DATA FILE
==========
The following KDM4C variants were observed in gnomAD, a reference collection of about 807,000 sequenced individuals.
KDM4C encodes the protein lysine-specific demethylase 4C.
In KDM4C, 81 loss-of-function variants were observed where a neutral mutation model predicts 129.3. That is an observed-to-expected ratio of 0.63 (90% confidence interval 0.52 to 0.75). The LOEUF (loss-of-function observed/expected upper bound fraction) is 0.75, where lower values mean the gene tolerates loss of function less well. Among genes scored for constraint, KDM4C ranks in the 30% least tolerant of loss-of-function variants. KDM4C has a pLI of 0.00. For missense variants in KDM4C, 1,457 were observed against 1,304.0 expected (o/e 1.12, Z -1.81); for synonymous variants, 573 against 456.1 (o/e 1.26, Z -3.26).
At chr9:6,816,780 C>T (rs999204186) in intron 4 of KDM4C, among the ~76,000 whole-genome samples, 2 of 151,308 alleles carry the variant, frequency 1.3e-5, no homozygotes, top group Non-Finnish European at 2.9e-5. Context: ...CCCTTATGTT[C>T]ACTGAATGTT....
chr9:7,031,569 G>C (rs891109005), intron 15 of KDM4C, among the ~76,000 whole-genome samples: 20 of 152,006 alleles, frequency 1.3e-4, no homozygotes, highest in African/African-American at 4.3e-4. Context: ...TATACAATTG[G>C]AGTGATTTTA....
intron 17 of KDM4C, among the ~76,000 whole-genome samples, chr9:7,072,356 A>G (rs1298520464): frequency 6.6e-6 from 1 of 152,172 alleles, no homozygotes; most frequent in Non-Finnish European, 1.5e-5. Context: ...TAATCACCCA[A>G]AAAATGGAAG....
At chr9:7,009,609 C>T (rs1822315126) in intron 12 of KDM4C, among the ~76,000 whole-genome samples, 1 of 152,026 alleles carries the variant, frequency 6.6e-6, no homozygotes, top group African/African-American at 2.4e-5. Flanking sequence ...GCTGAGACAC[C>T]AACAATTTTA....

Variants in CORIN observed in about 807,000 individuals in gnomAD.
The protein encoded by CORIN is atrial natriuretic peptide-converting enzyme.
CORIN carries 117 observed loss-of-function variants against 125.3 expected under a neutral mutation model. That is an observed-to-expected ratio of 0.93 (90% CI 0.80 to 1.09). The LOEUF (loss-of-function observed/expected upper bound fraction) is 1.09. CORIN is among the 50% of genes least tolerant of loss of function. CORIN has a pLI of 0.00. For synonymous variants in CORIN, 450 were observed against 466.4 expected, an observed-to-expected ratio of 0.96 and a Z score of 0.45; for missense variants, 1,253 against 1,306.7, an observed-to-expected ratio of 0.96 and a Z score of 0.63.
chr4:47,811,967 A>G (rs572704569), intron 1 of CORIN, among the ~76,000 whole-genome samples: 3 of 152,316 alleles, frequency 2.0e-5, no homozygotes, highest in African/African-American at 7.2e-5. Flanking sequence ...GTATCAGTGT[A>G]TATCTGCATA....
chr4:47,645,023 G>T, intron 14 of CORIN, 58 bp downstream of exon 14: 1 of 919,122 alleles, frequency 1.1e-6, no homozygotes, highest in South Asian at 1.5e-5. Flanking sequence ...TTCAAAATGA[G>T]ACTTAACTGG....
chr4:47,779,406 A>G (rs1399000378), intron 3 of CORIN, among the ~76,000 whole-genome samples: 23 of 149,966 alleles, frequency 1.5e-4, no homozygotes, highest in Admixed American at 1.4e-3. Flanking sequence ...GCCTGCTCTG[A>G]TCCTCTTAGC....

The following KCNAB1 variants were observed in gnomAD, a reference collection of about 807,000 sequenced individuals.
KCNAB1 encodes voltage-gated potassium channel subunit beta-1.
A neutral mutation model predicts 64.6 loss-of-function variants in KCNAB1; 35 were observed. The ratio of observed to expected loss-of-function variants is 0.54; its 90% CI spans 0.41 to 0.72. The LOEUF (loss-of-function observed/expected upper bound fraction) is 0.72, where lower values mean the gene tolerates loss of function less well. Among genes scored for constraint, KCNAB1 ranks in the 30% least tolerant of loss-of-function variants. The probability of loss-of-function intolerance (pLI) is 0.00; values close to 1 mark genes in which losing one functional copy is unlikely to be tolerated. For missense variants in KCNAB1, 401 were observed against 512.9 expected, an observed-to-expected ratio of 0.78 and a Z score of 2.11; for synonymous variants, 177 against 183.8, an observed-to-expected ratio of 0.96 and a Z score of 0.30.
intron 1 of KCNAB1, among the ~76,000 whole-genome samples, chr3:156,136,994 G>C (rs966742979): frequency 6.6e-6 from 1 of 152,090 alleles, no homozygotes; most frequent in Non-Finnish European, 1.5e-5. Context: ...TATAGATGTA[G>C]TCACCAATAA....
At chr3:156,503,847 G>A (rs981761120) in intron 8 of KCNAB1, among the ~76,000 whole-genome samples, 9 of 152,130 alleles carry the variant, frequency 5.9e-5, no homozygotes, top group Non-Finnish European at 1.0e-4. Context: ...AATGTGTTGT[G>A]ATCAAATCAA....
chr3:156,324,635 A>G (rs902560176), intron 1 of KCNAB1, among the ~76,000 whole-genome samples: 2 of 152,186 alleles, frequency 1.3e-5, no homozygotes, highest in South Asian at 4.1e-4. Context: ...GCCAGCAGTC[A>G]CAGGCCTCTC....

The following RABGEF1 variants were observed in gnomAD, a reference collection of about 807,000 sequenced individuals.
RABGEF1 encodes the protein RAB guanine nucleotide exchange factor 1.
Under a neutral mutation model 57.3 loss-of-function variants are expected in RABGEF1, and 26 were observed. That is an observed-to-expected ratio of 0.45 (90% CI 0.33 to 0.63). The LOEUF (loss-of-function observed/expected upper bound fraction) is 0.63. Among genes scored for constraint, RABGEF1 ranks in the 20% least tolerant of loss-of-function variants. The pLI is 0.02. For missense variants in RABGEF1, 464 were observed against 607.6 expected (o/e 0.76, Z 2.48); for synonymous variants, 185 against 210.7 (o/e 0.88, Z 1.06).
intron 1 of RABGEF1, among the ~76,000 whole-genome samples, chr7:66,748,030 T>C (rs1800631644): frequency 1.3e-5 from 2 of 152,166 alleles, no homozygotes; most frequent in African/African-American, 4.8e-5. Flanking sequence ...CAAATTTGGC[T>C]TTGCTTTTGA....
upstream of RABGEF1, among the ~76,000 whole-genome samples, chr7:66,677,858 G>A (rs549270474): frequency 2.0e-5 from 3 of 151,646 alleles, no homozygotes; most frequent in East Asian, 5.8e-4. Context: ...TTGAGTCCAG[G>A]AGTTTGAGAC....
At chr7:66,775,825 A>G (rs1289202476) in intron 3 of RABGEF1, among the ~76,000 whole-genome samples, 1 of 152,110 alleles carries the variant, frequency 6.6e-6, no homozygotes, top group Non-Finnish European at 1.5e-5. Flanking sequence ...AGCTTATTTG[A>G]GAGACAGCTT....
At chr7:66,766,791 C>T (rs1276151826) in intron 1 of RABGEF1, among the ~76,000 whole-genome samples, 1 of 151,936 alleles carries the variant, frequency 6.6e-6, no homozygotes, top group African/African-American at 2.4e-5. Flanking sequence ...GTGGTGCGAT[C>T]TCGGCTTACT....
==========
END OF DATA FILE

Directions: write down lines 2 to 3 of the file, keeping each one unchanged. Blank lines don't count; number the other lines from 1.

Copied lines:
KDM4C encodes the protein lysine-specific demethylase 4C.
In KDM4C, 81 loss-of-function variants were observed where a neutral mutation model predicts 129.3. That is an observed-to-expected ratio of 0.63 (90% confidence interval 0.52 to 0.75). The LOEUF (loss-of-function observed/expected upper bound fraction) is 0.75, where lower values mean the gene tolerates loss of function less well. Among genes scored for constraint, KDM4C ranks in the 30% least tolerant of loss-of-function variants. KDM4C has a pLI of 0.00. For missense variants in KDM4C, 1,457 were observed against 1,304.0 expected (o/e 1.12, Z -1.81); for synonymous variants, 573 against 456.1 (o/e 1.26, Z -3.26).